The Befana, racingBy
Out in the countryside you may only need some twigs, a match, and a jug of wine to make a party, but in Venice you’ve got to have boats. Boats that race, to be precise. And before she finally moves on, the Befana has to get rowing.
Ever since darkest antiquity sacred festivals have included some form of athletic competition. The Olympic Games spring to mind, but even the tiniest hamlet lost in the mountains may still organize a foot race, or horse race, or something else, when their saint’s day comes around. In ancient Greece some events, such as the funeral of a woman, would require a race reserved for women.
On Epiphany they held the 32nd edition of the Regata de le Befane, the race of the Befanas, in the Grand Canal. It’s fun to watch, doesn’t take long, there are free refreshments — they even hang an enormous calza caena, filled with only God and they know what, from the Rialto Bridge. In fact the only people who take it seriously in any way are the five Befanas.
Who are these hags? Men over 50, members of the Bucintoro rowing club, who have passed the eliminations for a place in the five-boat line-up. The event is limited to five because more can’t fit abreast in the Grand Canal. It’s just a sprint; the official schedule allots fifteen minutes to the race, but it really only takes about five. Maybe eight. But they are minutes filled with drama, at least for the participants.
The boats: Mascaretas, each rowed by one person with one oar.
The course: The aforementioned Grand Canal, from the major curve in the Grand Canal (the “volta de Canal”) at the Palazzo Balbi between the Accademia and Rialto Bridges to just before the Rialto Bridge.
The garb: Strictly Befana, the men decked out in wigs and Dogpatch skirts and crocheted shawls, with scraggly brooms and weird teeth (often their own).
It takes a while to get them reasonably lined-up — it’s a “flying” start, which means each keeps inching forward while waiting for the starting gun. This gambit often means a longish wait as the judge attempts to make them stay even, at least for a second. They also have to wait for a break in the vaporettos coming and going, which isn’t so easy nowadays considering how many there are at any given point/moment.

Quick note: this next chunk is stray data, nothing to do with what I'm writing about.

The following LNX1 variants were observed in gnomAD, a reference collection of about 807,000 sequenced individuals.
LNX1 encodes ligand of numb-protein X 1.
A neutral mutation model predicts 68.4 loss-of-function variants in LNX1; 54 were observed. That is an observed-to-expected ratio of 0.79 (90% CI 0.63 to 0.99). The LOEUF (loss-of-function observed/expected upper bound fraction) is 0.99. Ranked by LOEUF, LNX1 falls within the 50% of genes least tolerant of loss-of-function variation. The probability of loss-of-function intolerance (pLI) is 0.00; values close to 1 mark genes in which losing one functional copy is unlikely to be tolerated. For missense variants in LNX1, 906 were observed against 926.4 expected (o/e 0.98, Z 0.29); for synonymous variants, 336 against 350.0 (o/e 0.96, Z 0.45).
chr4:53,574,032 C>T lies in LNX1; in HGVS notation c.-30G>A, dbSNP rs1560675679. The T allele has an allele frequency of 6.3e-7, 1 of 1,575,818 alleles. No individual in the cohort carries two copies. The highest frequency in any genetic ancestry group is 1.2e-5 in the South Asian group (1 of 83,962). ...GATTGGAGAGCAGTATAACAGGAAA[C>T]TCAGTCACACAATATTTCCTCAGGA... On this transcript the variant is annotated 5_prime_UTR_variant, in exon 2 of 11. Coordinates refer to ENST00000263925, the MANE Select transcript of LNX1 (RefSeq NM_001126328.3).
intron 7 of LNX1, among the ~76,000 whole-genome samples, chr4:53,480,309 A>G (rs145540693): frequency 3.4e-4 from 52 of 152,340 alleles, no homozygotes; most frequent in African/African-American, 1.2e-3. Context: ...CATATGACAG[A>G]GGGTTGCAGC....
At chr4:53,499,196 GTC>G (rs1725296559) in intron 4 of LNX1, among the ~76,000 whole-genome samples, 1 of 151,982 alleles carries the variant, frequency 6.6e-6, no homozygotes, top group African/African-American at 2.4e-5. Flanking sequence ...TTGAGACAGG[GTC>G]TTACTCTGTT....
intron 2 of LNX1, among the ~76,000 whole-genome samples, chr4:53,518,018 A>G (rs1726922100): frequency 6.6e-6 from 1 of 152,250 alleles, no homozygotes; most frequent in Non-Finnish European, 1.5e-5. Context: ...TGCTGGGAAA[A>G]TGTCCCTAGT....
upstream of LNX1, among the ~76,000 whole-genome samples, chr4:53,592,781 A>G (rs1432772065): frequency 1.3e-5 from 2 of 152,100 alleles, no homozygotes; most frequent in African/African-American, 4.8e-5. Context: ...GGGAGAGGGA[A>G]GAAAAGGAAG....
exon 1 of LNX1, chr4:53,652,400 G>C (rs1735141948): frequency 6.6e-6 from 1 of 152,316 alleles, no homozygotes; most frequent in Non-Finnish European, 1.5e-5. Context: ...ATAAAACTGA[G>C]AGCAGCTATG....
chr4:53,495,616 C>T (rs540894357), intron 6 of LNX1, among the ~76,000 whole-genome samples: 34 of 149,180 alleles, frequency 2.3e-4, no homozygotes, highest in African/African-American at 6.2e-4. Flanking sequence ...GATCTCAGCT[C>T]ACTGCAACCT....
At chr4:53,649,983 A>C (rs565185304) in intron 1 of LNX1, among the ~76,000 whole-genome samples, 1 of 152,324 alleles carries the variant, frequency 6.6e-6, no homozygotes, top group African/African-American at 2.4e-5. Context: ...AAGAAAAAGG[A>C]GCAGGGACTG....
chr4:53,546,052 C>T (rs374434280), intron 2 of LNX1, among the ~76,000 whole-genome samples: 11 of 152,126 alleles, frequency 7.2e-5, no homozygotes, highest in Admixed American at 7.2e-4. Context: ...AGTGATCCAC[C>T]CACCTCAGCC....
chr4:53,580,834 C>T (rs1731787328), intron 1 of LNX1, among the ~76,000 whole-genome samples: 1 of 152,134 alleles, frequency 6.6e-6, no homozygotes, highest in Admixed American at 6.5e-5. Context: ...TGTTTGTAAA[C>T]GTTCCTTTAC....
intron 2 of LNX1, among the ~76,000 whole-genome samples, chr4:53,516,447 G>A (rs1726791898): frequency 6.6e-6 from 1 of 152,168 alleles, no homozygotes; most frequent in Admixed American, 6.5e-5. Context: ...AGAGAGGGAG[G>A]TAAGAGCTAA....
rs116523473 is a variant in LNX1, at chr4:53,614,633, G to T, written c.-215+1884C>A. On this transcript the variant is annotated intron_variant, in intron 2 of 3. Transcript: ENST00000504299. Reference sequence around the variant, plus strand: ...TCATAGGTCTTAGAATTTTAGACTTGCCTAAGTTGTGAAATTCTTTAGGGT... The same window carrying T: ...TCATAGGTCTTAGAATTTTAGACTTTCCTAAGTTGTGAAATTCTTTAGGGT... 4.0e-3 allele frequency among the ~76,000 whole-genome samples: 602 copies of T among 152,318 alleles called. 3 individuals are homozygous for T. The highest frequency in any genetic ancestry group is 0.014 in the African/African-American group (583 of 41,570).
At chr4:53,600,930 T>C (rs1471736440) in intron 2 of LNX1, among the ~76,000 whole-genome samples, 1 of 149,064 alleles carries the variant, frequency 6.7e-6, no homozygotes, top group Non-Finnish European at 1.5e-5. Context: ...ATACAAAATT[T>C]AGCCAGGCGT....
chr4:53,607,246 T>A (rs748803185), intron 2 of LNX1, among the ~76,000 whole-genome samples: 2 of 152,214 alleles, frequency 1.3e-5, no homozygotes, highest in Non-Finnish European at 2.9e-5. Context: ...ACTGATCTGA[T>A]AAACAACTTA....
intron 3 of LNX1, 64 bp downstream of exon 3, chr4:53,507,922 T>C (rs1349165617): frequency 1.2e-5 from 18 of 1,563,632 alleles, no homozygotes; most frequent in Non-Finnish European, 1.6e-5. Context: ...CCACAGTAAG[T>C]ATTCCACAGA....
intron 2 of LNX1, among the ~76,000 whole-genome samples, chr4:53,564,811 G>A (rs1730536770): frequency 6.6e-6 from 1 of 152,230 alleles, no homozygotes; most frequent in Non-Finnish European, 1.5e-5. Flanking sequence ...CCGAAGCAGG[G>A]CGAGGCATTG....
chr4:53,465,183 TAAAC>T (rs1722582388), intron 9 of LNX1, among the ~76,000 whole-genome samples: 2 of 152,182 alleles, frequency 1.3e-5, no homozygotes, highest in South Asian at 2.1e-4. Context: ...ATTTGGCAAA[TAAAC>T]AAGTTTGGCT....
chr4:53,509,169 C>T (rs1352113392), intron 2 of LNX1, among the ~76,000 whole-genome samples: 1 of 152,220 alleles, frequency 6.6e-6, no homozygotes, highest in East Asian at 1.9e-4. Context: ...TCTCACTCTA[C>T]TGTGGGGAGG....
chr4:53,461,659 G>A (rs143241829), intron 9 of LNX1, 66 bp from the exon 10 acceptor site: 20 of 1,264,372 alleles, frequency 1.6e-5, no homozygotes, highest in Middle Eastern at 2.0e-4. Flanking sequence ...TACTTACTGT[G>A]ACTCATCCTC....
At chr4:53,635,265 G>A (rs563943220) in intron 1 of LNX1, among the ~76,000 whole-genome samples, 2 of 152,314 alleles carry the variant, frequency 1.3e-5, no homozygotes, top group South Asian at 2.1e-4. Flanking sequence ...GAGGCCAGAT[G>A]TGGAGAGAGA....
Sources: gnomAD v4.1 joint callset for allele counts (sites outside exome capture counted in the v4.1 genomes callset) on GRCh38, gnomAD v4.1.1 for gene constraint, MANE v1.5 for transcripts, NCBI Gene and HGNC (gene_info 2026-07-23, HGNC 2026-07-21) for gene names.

They’re off! The tide was going out — good, in a way but, as with all Venetian races, the luck of the draw which determines the positions in the starting line-up was a powerful factor in the outcome. Because while they were all rowing against the tide, due to the shape of the canal some had more of it against them than others. The man closest to the shore, if you will, had to confront slightly less current than the ones rowing more toward the middle (and, in fact, he’s the one who won).
But closer to the shore means that you have to work your way around the San Toma’ and San Silvestro vaporetto docks while the others are trying to get as close as possible to the left as well. Sure it seems like a doofwit little diversion, five guys in costume flailing away with their oars like Mixmasters, but they take it as seriously as rowers take any race here. Simmering rivalries, some having nothing to do with rowing but with club/personal/childhood events, can also heat up the competition. Small world — long memories.
What I like best about all this isn’t so much the race itself as wandering around the Grand Canal in our boat waving to and trading badinage with our friends. It may seem like a touristic event (and certainly there are plenty of bemused tourists and their kids lining the fondamentas and jamming the Rialto Bridge, enjoying the free drinks and galani and hard candies) but like many rowing events it has a pure neighborhood vibe. Everybody knows everybody — everybody has always known everybody here — and even slight changes in rowing partners can excite comment, as can everything in a neighborhood.
And unlike tennis, or chess, or sumo wrestling, you don’t have to know anything about it to enjoy it. That Befana — she’s quite a girl. Or, you know, whatever she is.